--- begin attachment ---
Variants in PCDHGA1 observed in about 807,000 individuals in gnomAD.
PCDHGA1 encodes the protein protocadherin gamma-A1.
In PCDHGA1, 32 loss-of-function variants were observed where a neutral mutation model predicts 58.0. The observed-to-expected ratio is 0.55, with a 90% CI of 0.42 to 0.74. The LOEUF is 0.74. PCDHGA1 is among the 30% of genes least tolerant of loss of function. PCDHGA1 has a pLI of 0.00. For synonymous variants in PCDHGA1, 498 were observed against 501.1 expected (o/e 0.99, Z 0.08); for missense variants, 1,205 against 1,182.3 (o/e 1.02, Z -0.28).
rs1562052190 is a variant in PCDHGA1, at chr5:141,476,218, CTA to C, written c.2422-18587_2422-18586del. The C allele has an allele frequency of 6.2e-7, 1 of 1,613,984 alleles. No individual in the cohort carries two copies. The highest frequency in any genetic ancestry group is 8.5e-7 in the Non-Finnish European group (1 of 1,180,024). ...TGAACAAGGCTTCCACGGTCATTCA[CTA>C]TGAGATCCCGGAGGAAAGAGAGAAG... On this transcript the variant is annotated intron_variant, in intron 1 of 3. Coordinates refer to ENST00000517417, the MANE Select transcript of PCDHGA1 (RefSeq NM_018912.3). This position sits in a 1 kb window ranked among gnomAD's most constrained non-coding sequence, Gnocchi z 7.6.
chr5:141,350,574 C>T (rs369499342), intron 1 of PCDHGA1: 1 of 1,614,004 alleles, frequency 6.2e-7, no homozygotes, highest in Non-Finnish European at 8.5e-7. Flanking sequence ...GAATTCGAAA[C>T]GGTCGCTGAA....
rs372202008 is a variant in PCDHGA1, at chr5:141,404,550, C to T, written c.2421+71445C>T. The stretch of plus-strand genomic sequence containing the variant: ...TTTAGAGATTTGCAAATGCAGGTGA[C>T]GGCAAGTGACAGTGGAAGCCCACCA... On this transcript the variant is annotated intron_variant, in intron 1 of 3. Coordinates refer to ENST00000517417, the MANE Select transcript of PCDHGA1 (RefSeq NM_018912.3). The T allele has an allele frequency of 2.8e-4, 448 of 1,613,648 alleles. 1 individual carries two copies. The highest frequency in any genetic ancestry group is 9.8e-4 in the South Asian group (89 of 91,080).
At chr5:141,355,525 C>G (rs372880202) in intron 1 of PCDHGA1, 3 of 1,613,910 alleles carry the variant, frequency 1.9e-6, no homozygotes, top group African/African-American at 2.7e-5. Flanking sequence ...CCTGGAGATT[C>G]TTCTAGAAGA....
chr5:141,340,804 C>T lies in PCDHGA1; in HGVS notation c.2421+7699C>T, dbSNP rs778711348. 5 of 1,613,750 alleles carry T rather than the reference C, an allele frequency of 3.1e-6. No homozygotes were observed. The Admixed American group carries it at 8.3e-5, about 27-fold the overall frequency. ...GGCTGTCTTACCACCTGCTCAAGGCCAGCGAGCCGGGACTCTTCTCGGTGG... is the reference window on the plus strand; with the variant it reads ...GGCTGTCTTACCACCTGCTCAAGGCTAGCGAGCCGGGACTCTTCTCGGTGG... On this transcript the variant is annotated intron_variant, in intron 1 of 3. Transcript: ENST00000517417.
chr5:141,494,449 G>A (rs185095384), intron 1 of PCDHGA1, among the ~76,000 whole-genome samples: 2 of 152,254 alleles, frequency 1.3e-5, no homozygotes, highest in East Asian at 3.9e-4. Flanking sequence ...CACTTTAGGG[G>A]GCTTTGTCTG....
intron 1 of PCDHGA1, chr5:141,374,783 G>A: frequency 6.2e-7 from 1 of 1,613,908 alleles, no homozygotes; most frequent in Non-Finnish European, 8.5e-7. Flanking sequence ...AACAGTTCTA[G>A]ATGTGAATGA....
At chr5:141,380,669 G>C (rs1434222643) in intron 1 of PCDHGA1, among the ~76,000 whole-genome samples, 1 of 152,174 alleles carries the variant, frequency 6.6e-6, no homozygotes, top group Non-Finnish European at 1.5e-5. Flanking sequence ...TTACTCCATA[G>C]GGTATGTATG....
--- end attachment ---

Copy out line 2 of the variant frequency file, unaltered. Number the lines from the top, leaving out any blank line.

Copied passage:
PCDHGA1 encodes the protein protocadherin gamma-A1.